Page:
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    Less effective in that the energy available will be used expanding the bullet more and crushing a wider channel through flesh. But you'll have more total energy available because of driving the bullet to higher velocity...

    You can probably over-drive JHPs by shooting them at too high a velocity such that the bullet fragments instead of staying intact.

    BSW
     
  12. film495

    film495 Member

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    Someone call Paul Harrel and see if he can whip up some meat targets ...
     
  13. JR24

    JR24 Member

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    HST penetrate fine, but they do tend to open better than many competitors. They are a fine round by all accounts.

    XTPs definitely are good for penetration, I like them for woods loads in my 10mm for just that reason.

    I think there aren’t too many big expansion, poor penetration rounds being made by the big manufacturers anymore because the FBI standards have been around for long enough everyone is tailoring their rounds to meet those requirements. It’s why I think these days any of the quality rounds are pretty much equal, they are designed that way.

    The ones I would suspect would be any of the light for caliber high velocity or fragmenting rounds (what was that one with the copper petals that sheared off… RIP?) but even then these days it seems the light for caliber rounds have been tending to be those solid screwdriver rounds, which are interesting but I’d like to see real world results with
     
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  14. peacebutready

    peacebutready Member

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    Thanks for the replies, all.
     
  15. WYO

    WYO Member

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    Yes, 124 standard pressure Gold Dots can expand to the point where penetration is much less. Turn down the volume before watching.



    I got better results with Hornady Custom ammo with the 124 (edit) XTP, with the jacket getting stuck in the back of the third jug and the lead core going into a 4th when fired out of the carbine. On the other hand, the rounds fired from a Sig P365 and a P365 XL both penetrated into the fourth jug with good expansion and no lead core separation from the jacket. Unfortunately, the video didn't turn out right. You can do your own testing very easily.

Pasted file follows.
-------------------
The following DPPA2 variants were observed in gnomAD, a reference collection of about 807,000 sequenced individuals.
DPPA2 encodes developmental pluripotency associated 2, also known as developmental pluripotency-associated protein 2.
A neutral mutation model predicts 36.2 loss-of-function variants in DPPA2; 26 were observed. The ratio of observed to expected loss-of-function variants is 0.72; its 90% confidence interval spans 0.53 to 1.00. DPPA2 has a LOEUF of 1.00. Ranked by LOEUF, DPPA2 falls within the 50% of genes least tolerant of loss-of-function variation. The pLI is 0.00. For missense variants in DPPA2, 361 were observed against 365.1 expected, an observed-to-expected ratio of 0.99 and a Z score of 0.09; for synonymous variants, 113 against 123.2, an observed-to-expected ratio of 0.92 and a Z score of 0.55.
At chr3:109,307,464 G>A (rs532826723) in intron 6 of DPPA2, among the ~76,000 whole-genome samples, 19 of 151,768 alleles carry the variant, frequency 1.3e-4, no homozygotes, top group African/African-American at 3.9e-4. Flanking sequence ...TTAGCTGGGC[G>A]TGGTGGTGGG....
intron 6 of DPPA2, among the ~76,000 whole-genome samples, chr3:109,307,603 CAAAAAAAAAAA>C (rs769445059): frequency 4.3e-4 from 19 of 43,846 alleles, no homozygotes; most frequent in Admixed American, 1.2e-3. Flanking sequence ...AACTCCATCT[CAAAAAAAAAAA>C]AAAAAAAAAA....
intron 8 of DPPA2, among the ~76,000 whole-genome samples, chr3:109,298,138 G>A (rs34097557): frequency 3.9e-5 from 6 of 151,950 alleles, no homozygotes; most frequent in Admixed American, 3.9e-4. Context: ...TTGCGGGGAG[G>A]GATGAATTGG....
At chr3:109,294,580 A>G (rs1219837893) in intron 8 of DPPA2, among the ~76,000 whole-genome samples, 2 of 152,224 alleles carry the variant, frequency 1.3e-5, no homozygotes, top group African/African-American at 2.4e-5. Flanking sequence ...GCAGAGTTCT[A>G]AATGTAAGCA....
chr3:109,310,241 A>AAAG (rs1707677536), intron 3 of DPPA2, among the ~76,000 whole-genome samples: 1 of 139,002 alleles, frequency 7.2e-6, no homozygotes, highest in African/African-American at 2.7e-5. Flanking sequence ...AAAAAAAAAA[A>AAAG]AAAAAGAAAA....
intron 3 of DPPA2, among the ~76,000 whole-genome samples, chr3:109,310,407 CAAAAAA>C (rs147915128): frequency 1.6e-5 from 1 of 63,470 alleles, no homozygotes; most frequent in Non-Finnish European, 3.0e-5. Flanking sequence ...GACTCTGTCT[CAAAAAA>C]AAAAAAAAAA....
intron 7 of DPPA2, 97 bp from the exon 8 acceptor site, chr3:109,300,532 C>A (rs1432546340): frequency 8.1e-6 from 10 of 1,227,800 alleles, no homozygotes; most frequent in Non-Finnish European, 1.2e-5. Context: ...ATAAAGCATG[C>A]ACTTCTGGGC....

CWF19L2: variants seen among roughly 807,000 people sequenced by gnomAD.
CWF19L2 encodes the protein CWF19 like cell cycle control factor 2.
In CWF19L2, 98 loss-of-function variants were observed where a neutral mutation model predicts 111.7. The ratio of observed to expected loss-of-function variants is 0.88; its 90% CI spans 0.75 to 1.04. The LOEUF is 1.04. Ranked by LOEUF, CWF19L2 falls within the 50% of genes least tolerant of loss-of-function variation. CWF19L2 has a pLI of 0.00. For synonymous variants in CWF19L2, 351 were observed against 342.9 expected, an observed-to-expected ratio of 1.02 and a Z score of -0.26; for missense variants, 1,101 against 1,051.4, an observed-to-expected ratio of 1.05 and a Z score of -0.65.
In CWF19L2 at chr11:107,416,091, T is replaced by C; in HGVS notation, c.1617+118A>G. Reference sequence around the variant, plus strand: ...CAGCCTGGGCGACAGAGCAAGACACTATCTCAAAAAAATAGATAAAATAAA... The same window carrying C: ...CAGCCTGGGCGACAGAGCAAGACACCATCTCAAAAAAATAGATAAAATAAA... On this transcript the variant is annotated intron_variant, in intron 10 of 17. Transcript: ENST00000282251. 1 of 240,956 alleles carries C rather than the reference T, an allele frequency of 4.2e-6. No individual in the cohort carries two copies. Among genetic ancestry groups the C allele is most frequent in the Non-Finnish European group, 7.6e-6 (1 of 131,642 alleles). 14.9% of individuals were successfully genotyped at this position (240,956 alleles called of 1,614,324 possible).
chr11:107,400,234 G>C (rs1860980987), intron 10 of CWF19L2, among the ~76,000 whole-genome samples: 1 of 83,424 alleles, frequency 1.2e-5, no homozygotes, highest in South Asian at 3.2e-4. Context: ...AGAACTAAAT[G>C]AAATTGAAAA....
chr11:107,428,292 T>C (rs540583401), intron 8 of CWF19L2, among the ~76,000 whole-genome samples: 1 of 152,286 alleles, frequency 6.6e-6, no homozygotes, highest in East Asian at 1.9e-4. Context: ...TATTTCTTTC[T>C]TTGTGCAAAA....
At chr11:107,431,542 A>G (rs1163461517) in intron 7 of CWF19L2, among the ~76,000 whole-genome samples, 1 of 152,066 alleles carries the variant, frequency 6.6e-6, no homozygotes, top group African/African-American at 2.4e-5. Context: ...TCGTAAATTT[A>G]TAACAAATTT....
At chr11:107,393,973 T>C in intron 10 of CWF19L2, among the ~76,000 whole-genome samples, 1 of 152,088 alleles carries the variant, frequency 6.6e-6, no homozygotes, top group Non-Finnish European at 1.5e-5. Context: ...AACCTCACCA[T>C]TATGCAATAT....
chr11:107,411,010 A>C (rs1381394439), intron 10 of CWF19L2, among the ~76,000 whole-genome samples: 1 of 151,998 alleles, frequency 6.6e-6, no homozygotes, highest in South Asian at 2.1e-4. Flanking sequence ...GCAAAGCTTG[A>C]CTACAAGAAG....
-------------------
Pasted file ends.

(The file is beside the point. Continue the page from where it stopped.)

Last edited: Dec 14, 2021
  16. Lennyjoe

    Lennyjoe Member

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    Which gives a more realistic result in regard to penetration and expansion in a human body, water jugs or denim and ballistic gel?
     
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  17. WYO

    WYO Member

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    The gel, when correlated with street results. I think that water jugs are better for expansion potential.
     
    Last edited: Dec 14, 2021
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  18. Airborne Falcon

    Airborne Falcon Contributing Member

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    Ikr. Doesn't make sense does it but, it does apply where some bullet construction/design is concerned. I've seen it I just don't understand it completely.
     
  19. Skylerbone

    Skylerbone Member

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    It’s simply lost the energy to expand. Imagine shooting an carbon arrow into a tree. Thump. It sticks. It is otherwise much the same as when it left the bow. Now imagine the same arrow being shot from some new wonder bow at say a ridiculous 3,500 fps or roughly 10x normal speed. Same tree target, much different result. And in the case of HP bullets, expansion is engineered unlike the carbon arrow that’s now splinters.
     
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  20. Hartkopf

    Hartkopf Member

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    I like to think of a hollow point bullet as a parachute. At very low air speed the chute opens slowly (if at all) and doesn't fill completely. More air speed opens the chute quicker and more completely. Some bonded bullets like the Gold Dots continue to expand down the base of the bullet and the petals continue to flare out passed what they were designed to do. The result of too much velocity is a stretched out parachute, very large in diameter, that slows down too quickly.